Scientists are always uncovering new ways into how people learn best, and some of the most recent neuroscience research has shown connections between basic survival functions, social and emotional reactions to the world, and creative impulses.

Students’ social and emotional reactions to learning are imperative to feeling motivated to learn and to their ability to creatively solve problems, according to Mary Helen Immordino-Yang, who wrote Musings on the Neurobiological and Evolutionary Origins of Creativity via a Developmental Analysis of One Child’s Poetry [PDF]. Her research tries to understand why emotions are so important to learning by examining what happens to brain functions.

“Neuroimaging experiments show us that we use the very same neural systems to feel our bodies as to feel our relationships, our moral judgments, and our creative inspiration,” said Immordino-Yang, a professor at USC’s Rossier School of Education and an expert on the neuroscience of learning and creativity. Her whose work focuses on how neuroscience can help teachers understand the ways students learn best, and to that end, she’s created a free online curriculum for teachers.

The neuromechanisms responsible for feeling and managing the body’s physical survival and consciousness have been co-opted to also manage social survival. “Survival in the savanna depends on a brain that is wired to make sense of the environment, and to play out the things it notices through patterns of bodily and mental reactions,” Immordino-Yang writes. “This same brain, the same logic, helps us make sense of and survive in the social world of today.” To make something relevant to a learner, it should inspire an emotional reaction in the person, triggering these survivalist parts of the brain that indicate something is important.

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“The way that we make meaning out of situations, and the way that we feel and evaluate things, is plated on the same neural platforms as do the basic job of managing our viscera,” Immordino Yang said. When a topic strikes a chord with a student it feels meaningful because the part of his brain firing is the same part that keeps him conscious and alive. It’s also the part of the brain responsible for novel, creative or new ideas.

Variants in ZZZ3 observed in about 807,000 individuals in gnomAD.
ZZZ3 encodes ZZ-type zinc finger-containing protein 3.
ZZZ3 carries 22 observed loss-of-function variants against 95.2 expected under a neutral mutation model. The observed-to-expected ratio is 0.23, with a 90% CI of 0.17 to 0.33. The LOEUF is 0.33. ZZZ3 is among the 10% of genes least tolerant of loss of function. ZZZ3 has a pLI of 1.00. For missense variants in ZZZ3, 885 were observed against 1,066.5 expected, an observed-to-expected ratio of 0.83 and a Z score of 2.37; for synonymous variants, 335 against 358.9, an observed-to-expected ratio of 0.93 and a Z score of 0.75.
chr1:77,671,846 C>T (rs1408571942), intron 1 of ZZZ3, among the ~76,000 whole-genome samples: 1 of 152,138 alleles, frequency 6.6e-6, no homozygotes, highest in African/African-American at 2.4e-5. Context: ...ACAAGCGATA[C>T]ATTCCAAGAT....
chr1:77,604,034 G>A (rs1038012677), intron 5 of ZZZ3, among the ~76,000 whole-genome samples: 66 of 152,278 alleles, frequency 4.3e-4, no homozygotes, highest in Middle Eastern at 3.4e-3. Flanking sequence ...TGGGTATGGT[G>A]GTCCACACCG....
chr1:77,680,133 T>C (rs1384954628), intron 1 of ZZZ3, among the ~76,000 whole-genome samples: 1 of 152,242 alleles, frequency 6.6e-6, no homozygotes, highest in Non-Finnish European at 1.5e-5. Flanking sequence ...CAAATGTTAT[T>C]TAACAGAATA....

“Creativity is representing some kind of relevant problem in a new way and making people understand it, and feel about it, and have some insight into something that matters,” Immordino-Yang said. She argues that creative moments are motivated by caring deeply about a subject. Furthermore, humans make meaning by relating new information to feelings, memories and other personal information to give it context.

To undertake that complicated process of internalizing information Immordino-Yang has found that it’s necessary to shut out external inputs and focus intensely on what’s going on internally. Asking students to constantly pay attention or allowing them to be distracted by games, phones, and other stimuli may deprive them of the important inward-looking time crucial to deeper learning.

“The way in which people learn information, the way in which they make it their own, assimilate it, are dependent heavily on a neural system that is fundamentally incompatible with external information and distraction,” Immordino-Yang said. Long term learning happens when the brain calls up old memories and incorporates the new knowledge into a personalized understanding of the world. And that’s often a creative process. It takes creativity to synthesize new information within the context of old experiences and to reshape difficult concepts into something understandable. Immordino-Yang argues that the essence of that process requires the thinker to disengage from the world around them.

[RELATED: How to Fuel Students’ Learning Through Their Interests]

That doesn’t necessarily mean that daydreaming is the key to developing innovative ideas. There are times when insight strikes while the mind wanders, but Immordino-Yang says that in those cases the information is already present. When it comes to learning something new, the inward focus is often real work.

“Help kids know how to make meaning and sense of what they are learning so they can see who they are,” Immordino-Yang said. “Creativity is just an extension of that.” She gave the example of her young daughter who wrote a song about loving her young brother, but the imagery in the song incorporated space, planets, and the galaxy. She had just learned about those concepts, but in order to really understand their significance, she needed to express them within the totally understood and emotional space of family love. Allowing kids the space for the interplay between the emotional and cognitive spaces will benefit the long-term learner.

How Emotional Connections Can Trigger Creativity and Learning 15 March,2013Katrina Schwartz

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  • geri caruso

    “Asking students to constantly pay attention or allowing them to be distracted by games, phones, and other stimuli may deprive them of the important inward-looking time crucial to deeper learning.” Apparently it is possible to make sense of the modern world…. Thank you Ms. Immordino-Yang.